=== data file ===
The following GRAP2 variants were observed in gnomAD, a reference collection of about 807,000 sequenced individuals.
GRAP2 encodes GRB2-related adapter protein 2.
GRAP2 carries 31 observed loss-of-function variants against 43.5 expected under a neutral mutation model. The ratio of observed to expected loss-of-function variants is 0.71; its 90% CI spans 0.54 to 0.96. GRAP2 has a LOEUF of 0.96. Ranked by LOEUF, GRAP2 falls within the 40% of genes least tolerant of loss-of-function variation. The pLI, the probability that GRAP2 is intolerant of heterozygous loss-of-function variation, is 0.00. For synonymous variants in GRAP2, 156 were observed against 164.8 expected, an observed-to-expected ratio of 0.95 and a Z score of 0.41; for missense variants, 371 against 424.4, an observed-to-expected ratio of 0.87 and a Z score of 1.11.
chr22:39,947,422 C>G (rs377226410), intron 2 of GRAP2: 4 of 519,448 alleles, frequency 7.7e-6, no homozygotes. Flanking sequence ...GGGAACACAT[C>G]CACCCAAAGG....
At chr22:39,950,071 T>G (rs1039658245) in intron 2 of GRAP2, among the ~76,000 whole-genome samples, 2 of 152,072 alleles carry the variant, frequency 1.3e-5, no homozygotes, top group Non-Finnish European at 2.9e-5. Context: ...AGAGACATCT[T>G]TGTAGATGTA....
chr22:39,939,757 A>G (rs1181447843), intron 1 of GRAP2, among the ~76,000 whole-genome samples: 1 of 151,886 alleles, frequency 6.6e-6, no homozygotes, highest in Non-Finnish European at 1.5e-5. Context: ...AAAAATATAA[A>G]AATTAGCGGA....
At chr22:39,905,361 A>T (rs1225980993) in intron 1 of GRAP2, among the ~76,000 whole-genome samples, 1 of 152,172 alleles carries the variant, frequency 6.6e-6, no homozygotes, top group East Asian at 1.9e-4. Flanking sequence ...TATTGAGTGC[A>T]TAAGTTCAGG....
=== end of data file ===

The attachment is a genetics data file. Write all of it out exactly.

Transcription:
The following GRAP2 variants were observed in gnomAD, a reference collection of about 807,000 sequenced individuals.
GRAP2 encodes GRB2-related adapter protein 2.
GRAP2 carries 31 observed loss-of-function variants against 43.5 expected under a neutral mutation model. The ratio of observed to expected loss-of-function variants is 0.71; its 90% CI spans 0.54 to 0.96. GRAP2 has a LOEUF of 0.96. Ranked by LOEUF, GRAP2 falls within the 40% of genes least tolerant of loss-of-function variation. The pLI, the probability that GRAP2 is intolerant of heterozygous loss-of-function variation, is 0.00. For synonymous variants in GRAP2, 156 were observed against 164.8 expected, an observed-to-expected ratio of 0.95 and a Z score of 0.41; for missense variants, 371 against 424.4, an observed-to-expected ratio of 0.87 and a Z score of 1.11.
chr22:39,947,422 C>G (rs377226410), intron 2 of GRAP2: 4 of 519,448 alleles, frequency 7.7e-6, no homozygotes. Flanking sequence ...GGGAACACAT[C>G]CACCCAAAGG....
At chr22:39,950,071 T>G (rs1039658245) in intron 2 of GRAP2, among the ~76,000 whole-genome samples, 2 of 152,072 alleles carry the variant, frequency 1.3e-5, no homozygotes, top group Non-Finnish European at 2.9e-5. Context: ...AGAGACATCT[T>G]TGTAGATGTA....
chr22:39,939,757 A>G (rs1181447843), intron 1 of GRAP2, among the ~76,000 whole-genome samples: 1 of 151,886 alleles, frequency 6.6e-6, no homozygotes, highest in Non-Finnish European at 1.5e-5. Context: ...AAAAATATAA[A>G]AATTAGCGGA....
At chr22:39,905,361 A>T (rs1225980993) in intron 1 of GRAP2, among the ~76,000 whole-genome samples, 1 of 152,172 alleles carries the variant, frequency 6.6e-6, no homozygotes, top group East Asian at 1.9e-4. Flanking sequence ...TATTGAGTGC[A>T]TAAGTTCAGG....